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Elizabeth Cullingford, Chair CAL 226, Mailcode B5000, Austin, TX 78712 • 512-471-4991

Spring 2009

E 314L • Reading Women Writers

Unique Days Time Location Instructor
33590 TTh
8:00 AM-9:30 AM
PAR 101
KILGORE, J

Course Description

This course will introduce students to the methods, issues, and debates they are likely to encounter as English majors. It will do this through the lens of women's writing, especially writing from nineteenth and twentieth century Britain and America. Along the way, we'll discuss what it means to be a "woman writer" and how the writers we examine both define themselves and contribute to the field. A major component of our reading will be an investigation of the ways in which this writing upholds or challenges the prevailing values of its historical moment.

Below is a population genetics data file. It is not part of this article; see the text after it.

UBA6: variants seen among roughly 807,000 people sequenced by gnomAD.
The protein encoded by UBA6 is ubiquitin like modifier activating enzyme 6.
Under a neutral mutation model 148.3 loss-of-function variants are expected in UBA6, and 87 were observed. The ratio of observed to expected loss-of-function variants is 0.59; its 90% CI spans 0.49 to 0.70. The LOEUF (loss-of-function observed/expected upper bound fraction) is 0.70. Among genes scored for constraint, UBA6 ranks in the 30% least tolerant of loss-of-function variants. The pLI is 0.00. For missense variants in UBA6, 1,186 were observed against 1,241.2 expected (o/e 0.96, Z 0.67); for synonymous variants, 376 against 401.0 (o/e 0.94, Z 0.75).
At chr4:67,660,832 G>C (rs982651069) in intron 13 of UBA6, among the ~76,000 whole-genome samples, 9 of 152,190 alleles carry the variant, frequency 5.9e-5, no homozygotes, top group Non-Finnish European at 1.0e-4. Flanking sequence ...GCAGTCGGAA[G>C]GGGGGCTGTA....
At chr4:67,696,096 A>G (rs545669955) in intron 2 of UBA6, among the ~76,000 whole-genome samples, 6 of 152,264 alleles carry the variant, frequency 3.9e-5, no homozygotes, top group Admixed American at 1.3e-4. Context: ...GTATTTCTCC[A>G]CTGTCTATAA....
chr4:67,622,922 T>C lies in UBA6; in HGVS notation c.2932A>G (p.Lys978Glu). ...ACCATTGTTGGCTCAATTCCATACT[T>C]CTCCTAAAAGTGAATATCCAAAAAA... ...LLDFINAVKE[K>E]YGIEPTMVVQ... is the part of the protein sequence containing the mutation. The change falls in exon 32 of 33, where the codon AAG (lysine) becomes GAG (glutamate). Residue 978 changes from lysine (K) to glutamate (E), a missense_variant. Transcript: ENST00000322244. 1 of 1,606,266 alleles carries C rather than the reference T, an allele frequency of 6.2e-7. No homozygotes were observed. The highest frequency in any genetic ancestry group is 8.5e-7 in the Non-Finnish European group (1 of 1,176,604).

This is a substantial writing component course, which will sharpen reading and writing skills through short and long papers. Students will keep a brief reading response log, write five one-page papers, and produce two five-page papers. These writings will not only give students the skills they need to succeed in future English courses, but also the skills of good critical thinking.

Grading Policy

Long essays: 60%, Short papers: 25%, Reading responses: 15%

Texts

Aphra Behn, The Rover
Elizabeth Gaskell, Mary Barton
Edith Wharton, Summer
Eudora Welty, The Optimist's Daughter

With shorter pieces by Anne Bradstreet, Virginia Woolf, Elizabeth Barrett Browning, Christina Rossetti, Flannery O'Connor, Sylvia Plath, Tillie Olsen, and Maxine Hong Kingston, along with critical essays.

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